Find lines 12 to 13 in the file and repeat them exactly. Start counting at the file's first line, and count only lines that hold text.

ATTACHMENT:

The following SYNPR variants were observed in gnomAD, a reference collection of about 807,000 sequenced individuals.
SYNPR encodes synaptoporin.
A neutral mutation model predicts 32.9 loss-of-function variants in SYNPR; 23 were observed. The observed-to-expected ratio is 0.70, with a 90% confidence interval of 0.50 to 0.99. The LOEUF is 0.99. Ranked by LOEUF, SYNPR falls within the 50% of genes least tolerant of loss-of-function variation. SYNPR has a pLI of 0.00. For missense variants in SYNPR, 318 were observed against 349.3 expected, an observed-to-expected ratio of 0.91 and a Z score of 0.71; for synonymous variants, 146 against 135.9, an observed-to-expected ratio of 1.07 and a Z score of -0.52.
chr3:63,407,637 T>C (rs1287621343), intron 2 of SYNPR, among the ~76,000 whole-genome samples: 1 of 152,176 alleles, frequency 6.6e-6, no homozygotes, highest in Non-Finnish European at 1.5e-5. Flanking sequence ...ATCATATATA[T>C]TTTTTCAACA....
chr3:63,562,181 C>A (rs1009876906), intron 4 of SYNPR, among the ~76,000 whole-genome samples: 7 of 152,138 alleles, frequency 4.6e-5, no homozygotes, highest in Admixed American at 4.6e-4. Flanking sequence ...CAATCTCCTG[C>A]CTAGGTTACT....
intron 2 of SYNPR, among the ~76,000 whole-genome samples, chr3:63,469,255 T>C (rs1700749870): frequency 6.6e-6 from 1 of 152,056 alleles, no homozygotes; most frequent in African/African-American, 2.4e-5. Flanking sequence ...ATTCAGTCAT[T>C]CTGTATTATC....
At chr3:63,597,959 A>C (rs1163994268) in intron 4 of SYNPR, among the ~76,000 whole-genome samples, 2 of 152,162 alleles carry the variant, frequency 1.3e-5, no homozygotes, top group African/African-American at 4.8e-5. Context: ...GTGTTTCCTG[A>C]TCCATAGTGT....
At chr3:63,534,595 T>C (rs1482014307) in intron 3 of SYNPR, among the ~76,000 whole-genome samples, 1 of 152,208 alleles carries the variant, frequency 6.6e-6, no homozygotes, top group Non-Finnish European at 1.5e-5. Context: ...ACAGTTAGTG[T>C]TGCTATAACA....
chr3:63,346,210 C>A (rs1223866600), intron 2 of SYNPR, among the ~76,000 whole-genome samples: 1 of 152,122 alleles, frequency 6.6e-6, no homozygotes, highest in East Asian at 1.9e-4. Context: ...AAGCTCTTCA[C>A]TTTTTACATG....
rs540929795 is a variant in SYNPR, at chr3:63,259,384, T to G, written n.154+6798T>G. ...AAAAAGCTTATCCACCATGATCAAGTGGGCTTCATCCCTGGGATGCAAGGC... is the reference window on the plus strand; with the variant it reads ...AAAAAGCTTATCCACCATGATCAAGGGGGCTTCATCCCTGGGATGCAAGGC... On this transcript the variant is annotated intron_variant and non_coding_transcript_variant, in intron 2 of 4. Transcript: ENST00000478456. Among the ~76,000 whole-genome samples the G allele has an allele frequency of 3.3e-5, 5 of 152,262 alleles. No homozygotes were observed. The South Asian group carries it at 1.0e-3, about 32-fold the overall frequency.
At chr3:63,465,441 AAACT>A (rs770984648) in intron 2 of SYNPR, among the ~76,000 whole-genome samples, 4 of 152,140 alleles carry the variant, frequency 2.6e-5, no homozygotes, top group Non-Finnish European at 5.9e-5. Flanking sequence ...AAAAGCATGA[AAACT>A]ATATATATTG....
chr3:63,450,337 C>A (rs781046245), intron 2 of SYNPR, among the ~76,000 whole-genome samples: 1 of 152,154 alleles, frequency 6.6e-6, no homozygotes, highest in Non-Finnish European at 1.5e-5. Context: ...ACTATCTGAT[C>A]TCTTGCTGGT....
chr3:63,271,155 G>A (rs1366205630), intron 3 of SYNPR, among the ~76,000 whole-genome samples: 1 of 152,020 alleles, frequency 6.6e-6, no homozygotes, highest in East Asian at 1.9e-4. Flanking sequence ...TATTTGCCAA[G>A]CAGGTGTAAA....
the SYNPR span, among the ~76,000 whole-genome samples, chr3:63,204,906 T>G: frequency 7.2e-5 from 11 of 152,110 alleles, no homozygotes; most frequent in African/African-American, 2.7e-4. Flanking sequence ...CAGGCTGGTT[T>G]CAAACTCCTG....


chr3:63,450,337 C>A (rs781046245), intron 2 of SYNPR, among the ~76,000 whole-genome samples: 1 of 152,154 alleles, frequency 6.6e-6, no homozygotes, highest in Non-Finnish European at 1.5e-5. Context: ...ACTATCTGAT[C>A]TCTTGCTGGT....
chr3:63,271,155 G>A (rs1366205630), intron 3 of SYNPR, among the ~76,000 whole-genome samples: 1 of 152,020 alleles, frequency 6.6e-6, no homozygotes, highest in East Asian at 1.9e-4. Flanking sequence ...TATTTGCCAA[G>A]CAGGTGTAAA....